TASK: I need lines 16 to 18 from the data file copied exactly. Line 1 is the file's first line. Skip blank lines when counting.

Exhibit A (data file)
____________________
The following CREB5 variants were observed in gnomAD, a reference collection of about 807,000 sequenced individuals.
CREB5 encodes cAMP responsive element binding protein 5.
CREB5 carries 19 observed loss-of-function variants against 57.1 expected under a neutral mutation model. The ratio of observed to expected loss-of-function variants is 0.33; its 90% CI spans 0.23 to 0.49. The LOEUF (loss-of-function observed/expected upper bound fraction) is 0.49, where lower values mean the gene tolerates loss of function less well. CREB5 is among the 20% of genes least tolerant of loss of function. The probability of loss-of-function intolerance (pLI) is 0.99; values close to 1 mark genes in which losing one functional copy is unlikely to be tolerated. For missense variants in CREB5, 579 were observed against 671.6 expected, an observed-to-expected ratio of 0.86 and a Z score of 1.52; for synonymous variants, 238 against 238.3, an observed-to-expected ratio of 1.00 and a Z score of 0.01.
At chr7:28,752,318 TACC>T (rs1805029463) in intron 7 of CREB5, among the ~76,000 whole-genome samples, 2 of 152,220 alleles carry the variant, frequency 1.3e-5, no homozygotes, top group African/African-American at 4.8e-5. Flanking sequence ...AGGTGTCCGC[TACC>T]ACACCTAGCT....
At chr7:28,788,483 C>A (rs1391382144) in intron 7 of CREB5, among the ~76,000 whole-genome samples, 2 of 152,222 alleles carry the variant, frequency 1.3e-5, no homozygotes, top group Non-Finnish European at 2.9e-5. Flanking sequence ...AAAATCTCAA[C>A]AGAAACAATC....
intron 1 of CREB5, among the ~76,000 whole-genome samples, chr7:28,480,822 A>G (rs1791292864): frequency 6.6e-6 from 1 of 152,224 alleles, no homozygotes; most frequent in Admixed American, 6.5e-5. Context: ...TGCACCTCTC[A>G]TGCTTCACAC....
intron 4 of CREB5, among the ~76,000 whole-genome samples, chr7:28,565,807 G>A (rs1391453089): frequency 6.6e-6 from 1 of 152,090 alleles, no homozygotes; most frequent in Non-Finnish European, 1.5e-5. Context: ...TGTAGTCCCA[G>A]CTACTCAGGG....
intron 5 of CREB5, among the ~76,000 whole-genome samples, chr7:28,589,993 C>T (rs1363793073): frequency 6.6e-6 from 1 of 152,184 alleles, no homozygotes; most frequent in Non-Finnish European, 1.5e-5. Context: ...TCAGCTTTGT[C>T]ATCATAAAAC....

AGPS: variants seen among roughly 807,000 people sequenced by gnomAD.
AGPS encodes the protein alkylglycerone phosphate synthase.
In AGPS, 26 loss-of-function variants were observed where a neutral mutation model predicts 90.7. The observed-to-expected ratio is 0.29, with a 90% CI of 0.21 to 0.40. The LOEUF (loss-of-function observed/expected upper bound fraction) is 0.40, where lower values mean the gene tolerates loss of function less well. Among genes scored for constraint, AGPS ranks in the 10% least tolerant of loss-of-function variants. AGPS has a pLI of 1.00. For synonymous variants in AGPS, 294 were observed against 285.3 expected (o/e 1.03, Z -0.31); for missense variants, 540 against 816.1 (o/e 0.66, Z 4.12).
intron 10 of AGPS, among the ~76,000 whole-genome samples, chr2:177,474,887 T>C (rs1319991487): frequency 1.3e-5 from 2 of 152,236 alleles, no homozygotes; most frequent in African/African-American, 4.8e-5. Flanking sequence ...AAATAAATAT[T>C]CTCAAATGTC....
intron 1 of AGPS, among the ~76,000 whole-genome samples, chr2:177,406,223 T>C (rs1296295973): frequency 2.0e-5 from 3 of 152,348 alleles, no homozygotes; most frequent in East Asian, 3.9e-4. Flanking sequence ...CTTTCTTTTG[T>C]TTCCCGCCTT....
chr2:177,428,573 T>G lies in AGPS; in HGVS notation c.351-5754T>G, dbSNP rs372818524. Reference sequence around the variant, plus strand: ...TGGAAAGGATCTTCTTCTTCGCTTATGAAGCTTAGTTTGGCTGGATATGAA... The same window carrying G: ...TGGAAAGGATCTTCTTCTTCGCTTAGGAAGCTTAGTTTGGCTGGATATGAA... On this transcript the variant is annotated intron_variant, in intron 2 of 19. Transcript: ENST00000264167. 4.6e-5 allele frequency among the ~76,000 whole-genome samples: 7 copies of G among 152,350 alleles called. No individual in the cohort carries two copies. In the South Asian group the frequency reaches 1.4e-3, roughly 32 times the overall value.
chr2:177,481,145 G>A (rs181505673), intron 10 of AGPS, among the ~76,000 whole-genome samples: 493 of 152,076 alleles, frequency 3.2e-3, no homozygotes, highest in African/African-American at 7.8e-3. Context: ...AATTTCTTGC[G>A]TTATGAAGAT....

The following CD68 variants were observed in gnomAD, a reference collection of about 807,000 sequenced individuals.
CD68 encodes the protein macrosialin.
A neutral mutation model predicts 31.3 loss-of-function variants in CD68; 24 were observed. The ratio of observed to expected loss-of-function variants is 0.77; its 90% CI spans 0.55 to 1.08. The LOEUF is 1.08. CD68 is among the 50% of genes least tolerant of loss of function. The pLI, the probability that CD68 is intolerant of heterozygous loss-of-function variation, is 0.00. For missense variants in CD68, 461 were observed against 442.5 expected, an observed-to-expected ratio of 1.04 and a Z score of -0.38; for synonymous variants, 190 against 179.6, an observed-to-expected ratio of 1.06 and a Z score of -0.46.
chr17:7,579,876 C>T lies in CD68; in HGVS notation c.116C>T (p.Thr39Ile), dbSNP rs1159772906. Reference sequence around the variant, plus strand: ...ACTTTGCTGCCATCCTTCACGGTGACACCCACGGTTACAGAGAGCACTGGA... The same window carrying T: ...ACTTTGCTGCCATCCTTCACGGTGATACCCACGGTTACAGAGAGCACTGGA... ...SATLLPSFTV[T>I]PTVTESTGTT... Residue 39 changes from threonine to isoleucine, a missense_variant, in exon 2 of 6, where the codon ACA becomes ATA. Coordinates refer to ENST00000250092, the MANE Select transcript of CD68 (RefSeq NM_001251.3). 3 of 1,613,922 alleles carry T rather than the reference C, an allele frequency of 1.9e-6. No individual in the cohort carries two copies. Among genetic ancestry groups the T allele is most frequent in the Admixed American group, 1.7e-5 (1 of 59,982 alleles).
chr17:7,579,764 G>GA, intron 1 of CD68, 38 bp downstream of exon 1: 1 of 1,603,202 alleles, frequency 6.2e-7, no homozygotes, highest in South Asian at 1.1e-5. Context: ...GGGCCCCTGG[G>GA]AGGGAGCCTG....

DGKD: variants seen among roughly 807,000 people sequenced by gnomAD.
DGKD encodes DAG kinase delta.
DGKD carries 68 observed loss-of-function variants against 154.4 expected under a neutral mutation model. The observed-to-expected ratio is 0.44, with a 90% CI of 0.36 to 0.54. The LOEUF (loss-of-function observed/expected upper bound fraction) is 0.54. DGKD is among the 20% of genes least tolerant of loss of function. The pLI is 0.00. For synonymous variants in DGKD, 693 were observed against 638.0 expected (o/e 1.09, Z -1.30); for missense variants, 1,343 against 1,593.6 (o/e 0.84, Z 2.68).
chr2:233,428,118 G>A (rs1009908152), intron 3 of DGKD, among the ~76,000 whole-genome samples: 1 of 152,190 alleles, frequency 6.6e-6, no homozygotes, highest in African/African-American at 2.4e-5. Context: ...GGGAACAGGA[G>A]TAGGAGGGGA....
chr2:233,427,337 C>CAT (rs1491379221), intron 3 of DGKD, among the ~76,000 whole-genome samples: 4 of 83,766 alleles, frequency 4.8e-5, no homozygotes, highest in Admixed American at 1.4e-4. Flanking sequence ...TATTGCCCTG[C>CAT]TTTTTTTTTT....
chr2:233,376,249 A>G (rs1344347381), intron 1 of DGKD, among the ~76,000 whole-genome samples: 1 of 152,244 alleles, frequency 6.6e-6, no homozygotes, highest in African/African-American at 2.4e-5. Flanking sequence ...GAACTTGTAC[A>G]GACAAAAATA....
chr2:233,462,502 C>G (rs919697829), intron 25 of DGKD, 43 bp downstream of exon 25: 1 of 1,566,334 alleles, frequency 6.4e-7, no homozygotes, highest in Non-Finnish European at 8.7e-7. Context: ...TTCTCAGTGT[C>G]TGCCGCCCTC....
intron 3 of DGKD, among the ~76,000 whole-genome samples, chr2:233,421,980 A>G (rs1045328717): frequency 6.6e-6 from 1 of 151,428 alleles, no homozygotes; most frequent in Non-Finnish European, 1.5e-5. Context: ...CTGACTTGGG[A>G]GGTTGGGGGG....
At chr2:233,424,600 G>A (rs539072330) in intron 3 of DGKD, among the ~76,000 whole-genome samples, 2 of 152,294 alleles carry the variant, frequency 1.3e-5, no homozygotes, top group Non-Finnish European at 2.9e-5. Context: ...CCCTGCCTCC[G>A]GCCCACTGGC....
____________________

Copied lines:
The following CD68 variants were observed in gnomAD, a reference collection of about 807,000 sequenced individuals.
CD68 encodes the protein macrosialin.
A neutral mutation model predicts 31.3 loss-of-function variants in CD68; 24 were observed. The ratio of observed to expected loss-of-function variants is 0.77; its 90% CI spans 0.55 to 1.08. The LOEUF is 1.08. CD68 is among the 50% of genes least tolerant of loss of function. The pLI, the probability that CD68 is intolerant of heterozygous loss-of-function variation, is 0.00. For missense variants in CD68, 461 were observed against 442.5 expected, an observed-to-expected ratio of 1.04 and a Z score of -0.38; for synonymous variants, 190 against 179.6, an observed-to-expected ratio of 1.06 and a Z score of -0.46.